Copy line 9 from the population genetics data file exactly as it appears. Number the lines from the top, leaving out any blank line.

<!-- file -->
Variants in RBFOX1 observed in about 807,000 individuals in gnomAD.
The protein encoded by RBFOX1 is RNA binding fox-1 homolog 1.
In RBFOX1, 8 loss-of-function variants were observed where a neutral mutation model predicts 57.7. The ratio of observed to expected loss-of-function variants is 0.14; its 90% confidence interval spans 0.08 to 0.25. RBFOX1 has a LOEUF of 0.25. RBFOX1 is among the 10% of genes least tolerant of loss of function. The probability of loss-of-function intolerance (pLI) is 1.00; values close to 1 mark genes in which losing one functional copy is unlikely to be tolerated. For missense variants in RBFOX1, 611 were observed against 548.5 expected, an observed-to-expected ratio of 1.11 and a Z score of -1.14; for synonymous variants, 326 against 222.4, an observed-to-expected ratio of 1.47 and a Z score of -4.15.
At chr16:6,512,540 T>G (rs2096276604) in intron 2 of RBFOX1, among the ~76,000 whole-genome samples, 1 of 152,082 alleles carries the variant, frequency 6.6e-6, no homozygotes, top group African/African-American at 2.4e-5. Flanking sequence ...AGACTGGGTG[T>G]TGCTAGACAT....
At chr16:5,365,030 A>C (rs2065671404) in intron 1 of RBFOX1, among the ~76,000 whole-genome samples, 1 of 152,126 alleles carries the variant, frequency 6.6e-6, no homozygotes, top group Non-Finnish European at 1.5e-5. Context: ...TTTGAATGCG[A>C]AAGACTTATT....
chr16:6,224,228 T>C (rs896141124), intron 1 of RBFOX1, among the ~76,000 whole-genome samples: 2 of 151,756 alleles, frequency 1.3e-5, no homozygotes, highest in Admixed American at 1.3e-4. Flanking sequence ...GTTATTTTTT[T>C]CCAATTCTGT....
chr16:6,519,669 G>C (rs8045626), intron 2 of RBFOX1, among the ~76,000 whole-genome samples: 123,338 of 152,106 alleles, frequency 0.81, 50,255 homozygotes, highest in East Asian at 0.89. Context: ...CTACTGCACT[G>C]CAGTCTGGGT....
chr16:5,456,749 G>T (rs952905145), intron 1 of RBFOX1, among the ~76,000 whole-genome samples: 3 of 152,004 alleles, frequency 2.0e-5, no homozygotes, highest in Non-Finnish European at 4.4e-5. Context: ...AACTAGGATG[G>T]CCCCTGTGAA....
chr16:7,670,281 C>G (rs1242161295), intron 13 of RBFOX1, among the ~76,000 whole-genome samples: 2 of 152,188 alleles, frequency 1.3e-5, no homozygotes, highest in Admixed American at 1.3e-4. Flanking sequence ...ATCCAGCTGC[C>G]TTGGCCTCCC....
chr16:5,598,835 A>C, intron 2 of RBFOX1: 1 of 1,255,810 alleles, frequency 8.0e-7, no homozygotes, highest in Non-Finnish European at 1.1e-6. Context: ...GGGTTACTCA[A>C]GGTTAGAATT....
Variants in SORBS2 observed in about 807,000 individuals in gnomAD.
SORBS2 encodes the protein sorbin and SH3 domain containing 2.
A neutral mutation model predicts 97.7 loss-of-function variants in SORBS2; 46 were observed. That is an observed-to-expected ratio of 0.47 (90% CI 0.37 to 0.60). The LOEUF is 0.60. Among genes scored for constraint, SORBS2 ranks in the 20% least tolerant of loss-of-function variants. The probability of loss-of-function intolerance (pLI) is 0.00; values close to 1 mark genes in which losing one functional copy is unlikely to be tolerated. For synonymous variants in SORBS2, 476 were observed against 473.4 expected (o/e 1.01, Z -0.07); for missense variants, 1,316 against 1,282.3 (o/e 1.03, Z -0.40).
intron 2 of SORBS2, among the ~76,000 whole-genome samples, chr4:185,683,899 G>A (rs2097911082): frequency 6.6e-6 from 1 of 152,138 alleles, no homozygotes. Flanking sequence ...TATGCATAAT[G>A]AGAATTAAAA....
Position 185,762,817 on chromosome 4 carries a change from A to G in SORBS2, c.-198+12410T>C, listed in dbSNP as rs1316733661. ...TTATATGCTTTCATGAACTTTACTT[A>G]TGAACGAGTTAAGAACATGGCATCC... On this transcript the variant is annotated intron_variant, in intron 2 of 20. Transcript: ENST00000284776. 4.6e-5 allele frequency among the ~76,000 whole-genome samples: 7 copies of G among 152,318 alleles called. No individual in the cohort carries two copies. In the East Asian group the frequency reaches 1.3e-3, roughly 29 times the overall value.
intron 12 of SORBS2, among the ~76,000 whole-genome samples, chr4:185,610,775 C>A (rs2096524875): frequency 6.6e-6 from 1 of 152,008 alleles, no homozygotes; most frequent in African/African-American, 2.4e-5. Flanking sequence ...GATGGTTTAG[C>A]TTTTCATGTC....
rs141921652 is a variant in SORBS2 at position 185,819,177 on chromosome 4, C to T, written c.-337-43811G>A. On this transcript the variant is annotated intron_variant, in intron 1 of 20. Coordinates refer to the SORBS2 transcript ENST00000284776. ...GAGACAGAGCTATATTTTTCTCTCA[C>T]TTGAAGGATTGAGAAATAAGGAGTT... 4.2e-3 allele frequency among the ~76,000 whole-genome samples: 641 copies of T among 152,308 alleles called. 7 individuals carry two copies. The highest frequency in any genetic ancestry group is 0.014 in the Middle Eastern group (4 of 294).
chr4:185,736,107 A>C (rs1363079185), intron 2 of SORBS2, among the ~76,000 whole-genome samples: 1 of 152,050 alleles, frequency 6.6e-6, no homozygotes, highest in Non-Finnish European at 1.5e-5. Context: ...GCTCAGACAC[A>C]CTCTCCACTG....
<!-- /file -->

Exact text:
chr16:7,670,281 C>G (rs1242161295), intron 13 of RBFOX1, among the ~76,000 whole-genome samples: 2 of 152,188 alleles, frequency 1.3e-5, no homozygotes, highest in Admixed American at 1.3e-4. Flanking sequence ...ATCCAGCTGC[C>G]TTGGCCTCCC....